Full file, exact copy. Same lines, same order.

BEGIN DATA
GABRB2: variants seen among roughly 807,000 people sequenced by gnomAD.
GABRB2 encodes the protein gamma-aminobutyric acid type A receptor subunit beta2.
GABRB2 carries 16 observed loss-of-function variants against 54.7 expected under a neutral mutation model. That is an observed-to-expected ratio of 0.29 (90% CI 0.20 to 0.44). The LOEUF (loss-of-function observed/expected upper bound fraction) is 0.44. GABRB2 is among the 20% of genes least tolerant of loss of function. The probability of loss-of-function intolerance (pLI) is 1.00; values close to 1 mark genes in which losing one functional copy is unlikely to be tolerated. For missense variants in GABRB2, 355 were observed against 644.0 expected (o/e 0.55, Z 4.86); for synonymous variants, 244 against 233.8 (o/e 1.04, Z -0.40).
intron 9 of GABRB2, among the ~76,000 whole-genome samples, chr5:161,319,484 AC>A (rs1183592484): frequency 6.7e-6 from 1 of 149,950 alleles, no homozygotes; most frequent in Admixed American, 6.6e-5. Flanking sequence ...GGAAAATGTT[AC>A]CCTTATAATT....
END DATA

GABRB2: variants seen among roughly 807,000 people sequenced by gnomAD.
GABRB2 encodes the protein gamma-aminobutyric acid type A receptor subunit beta2.
GABRB2 carries 16 observed loss-of-function variants against 54.7 expected under a neutral mutation model. That is an observed-to-expected ratio of 0.29 (90% CI 0.20 to 0.44). The LOEUF (loss-of-function observed/expected upper bound fraction) is 0.44. GABRB2 is among the 20% of genes least tolerant of loss of function. The probability of loss-of-function intolerance (pLI) is 1.00; values close to 1 mark genes in which losing one functional copy is unlikely to be tolerated. For missense variants in GABRB2, 355 were observed against 644.0 expected (o/e 0.55, Z 4.86); for synonymous variants, 244 against 233.8 (o/e 1.04, Z -0.40).
intron 9 of GABRB2, among the ~76,000 whole-genome samples, chr5:161,319,484 AC>A (rs1183592484): frequency 6.7e-6 from 1 of 149,950 alleles, no homozygotes; most frequent in Admixed American, 6.6e-5. Flanking sequence ...GGAAAATGTT[AC>A]CCTTATAATT....